Lung cancer is the leading cause of neoplasm-related death in China (1). At diagnosis, most patients are a median age of over 60 years. Less than 2% of patients are under 45 years of age in Caucasian populations and 5% in China (2,3). However, with the rising incidence in lung cancer, an increasing number of patients are younger at initial presentation.
An examination of genomic alterations is often required for many carcinomas before initiating systemic treatment for older patients. For example, breast cancer is associated with a higher frequency of BRCA mutations in young patients, and colon cancer in young patients has a higher rate of microsatellite instability compared with older patients (4,5). Despite the lower frequency of lung cancer in younger people, studies of genomic alterations are lacking for non-small cell lung cancer (NSCLC). Furthermore, most young patients with lung cancer are at an advanced stage at first diagnosis (6). The clinicopathological characteristics and genomic alterations are largely unknown among patients who undergo surgery. A larger population study is required for describing genomic alterations and outcomes of lung cancer in young patients. Meanwhile, clinical presentations and prognoses for lung cancer have remained scant for young patients. Previous studies have provided diverging results indicating whether younger patients with lung cancer had better or worse survival compared with older patients (6,7). It might explain the drawbacks of various retrospective studies with small sample sizes (8,9).
The objective of our study was to examine the genomic alterations and prognosis in young patients so as to guide clinical therapeutics.
A total of 736 consecutive patients undergoing complete resection were screened between 2011 and 2015 at our hospital. These patients had lung adenocarcinoma (n=430), squamous cell carcinoma (SCC, n=210) and other histologies (n=96), of which patients with other histologies were excluded from our study. The study protocol was approved by our institutional Ethics Committee (IRB-2015-49), and written informed consent was obtained from each participant.
Microscopy was used to ensure that the tissues analyzed contained >20% tumor cells. Genomic DNA or RNA was extracted from tumor tissues according to standard protocols (RNeasy Mini Kit & QiAamp DNA Mini Kit, Qiagen, Hilden, Germany). Briefly, isolated RNA samples were used for reverse transcription into cDNA using the Revert Aid First Strand cDNA synthesis kit (Fermentas, St Leon-Rot, Germany). Either genomic DNA or cDNA was used for PCR amplification and sequencing. EGFR, HER2, KRAS, NRAS, BRAF and PIK3CA were PCR-amplified with genomic DNA. Cycle sequencing of purified PCR products was performed with PCR primers using the commercially available ADx mutation detection kit (Amoy, Xiamen, China).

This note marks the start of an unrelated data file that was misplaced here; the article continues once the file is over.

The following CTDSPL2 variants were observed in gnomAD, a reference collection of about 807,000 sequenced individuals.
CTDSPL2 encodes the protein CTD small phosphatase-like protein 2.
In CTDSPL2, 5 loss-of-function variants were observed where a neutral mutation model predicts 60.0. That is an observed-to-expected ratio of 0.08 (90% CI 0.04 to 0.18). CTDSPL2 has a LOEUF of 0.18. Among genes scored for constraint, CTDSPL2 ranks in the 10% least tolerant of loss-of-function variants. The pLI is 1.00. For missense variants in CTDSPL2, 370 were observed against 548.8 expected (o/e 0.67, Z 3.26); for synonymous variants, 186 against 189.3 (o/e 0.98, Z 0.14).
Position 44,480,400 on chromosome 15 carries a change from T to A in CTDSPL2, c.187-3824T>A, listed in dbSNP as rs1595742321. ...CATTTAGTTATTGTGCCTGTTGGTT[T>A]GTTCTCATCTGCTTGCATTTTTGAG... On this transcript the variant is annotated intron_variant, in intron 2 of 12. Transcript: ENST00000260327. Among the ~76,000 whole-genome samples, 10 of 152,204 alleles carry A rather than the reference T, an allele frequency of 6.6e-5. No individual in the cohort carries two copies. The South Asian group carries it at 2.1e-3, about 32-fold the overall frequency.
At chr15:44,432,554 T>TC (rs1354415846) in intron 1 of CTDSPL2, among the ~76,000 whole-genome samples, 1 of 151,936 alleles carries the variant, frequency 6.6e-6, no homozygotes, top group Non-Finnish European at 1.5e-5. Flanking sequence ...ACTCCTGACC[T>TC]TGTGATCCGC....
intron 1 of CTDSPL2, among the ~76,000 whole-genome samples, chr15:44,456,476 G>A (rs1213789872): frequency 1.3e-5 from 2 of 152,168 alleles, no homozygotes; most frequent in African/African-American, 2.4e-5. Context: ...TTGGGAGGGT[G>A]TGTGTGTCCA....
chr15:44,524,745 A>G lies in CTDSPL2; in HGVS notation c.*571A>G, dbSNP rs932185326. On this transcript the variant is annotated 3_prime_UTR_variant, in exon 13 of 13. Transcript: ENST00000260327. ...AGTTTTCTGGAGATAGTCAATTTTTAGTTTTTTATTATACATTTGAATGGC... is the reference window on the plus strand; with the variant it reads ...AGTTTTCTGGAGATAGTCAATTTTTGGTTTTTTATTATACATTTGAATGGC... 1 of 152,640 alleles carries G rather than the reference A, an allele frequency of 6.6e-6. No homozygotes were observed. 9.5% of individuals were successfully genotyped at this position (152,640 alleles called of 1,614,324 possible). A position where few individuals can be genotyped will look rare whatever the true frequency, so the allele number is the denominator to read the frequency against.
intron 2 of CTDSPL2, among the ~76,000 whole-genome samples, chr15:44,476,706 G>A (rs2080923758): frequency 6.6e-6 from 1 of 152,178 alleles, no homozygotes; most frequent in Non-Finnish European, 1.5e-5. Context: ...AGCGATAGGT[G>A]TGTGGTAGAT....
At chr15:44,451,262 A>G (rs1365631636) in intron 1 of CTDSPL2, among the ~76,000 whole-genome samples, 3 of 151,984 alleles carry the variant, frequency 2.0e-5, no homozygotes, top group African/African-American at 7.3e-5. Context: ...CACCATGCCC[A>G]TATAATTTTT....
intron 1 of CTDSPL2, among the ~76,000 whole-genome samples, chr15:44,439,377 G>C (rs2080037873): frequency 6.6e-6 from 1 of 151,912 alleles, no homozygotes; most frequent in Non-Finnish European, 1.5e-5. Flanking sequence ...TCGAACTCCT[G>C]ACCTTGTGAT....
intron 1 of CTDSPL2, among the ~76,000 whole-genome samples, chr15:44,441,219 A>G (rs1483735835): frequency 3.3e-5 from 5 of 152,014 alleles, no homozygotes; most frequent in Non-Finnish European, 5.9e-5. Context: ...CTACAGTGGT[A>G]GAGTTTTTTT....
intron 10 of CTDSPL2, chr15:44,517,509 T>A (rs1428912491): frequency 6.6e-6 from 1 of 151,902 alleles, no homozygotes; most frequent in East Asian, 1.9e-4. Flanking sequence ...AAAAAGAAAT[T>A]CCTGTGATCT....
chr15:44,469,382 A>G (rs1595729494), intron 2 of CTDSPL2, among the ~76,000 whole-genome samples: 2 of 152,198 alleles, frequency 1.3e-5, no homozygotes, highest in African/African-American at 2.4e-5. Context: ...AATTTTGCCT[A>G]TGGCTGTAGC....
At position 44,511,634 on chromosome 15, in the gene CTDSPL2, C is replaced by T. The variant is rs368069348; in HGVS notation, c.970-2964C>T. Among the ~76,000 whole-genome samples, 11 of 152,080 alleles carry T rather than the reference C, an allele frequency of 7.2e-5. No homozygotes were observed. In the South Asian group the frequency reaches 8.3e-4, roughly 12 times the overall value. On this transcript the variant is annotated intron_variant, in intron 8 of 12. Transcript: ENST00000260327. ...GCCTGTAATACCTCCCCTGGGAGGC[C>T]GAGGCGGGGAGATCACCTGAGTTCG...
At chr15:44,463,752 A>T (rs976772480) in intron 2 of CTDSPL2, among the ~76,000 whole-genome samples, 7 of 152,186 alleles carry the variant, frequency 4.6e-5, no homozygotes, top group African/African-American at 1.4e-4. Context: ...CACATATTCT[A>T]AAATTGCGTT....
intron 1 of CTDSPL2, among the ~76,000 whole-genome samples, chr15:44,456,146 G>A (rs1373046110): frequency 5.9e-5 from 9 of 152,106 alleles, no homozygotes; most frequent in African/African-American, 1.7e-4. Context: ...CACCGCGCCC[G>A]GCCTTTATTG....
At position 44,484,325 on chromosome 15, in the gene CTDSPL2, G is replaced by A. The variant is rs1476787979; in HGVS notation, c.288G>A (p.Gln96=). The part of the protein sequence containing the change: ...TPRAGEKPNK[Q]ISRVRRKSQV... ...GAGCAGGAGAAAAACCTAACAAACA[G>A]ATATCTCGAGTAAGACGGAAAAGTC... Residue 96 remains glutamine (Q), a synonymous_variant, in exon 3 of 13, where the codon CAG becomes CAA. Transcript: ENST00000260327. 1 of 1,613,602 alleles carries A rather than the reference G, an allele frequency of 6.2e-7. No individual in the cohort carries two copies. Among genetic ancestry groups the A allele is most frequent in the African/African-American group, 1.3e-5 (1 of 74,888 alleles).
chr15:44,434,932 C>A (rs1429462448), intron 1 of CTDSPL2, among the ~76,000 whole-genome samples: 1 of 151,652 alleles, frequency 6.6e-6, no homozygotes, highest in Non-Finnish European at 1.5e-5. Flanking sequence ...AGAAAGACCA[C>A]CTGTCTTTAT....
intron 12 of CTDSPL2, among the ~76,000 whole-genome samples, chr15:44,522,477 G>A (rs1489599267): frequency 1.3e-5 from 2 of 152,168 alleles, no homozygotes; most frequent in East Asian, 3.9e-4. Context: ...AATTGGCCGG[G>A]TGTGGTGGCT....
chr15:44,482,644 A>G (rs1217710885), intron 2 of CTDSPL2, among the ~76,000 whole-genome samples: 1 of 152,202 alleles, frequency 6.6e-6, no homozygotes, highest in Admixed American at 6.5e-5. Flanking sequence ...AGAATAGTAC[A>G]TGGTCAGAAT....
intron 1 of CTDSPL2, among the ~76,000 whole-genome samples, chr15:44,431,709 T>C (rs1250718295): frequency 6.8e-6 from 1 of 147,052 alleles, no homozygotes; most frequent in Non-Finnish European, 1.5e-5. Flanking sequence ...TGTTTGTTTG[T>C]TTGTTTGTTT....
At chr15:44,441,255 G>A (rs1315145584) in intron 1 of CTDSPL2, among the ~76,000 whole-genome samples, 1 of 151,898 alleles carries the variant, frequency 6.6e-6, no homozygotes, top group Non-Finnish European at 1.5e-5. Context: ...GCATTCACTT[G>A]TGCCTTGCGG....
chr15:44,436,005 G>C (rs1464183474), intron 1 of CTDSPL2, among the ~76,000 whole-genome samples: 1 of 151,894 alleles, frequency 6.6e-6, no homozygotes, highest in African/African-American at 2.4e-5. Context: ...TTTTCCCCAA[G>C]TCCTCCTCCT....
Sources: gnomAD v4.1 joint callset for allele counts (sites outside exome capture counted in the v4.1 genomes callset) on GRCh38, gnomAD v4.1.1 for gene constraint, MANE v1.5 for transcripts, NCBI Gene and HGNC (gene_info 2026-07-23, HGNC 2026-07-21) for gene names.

ALK, ROS1 and RET fusion mRNAs were detected by PCR with a fusion gene detection kit (Amory, Xiamen, China). Briefly, total RNA was extracted with the QiagenRNeasy FFPE Kit, and mRNA was reverse-transcribed into cDNA for 1 h at 42 °C. β-actin was used as an internal control. The RT-PCR conditions were as follows: initial denaturation at 95 °C for 5 min, followed by 95 °C for 25 s, 64 °C for 20 s and 72 °C for 20 s to ensure specificity; and 31 cycles at 93 °C for 25 s, 60 °C for 35 s and 72 °C for 20 s. The detailed procedure has been described previously (10).
χ2 tests were used to test the differences between younger and older patients for categorical variables. Recurrence-free survival (RFS) referred to the time from surgery to recurrence or metastasis. Overall survival (OS) was defined as the time from the date of pathological diagnosis to the date of death from any cause. Survivors at the last follow-up time were censored. A survival comparison was estimated with the log-rank test and survival analysis was performed with the Kaplan-Meier method. Statistical analysis was performed with SPSS 18 software (Chicago, IL, USA). P<0.05 was deemed as statistically significant. The median follow-up was 56 (16.5–69) months and the last follow-up date was December 31, 2017.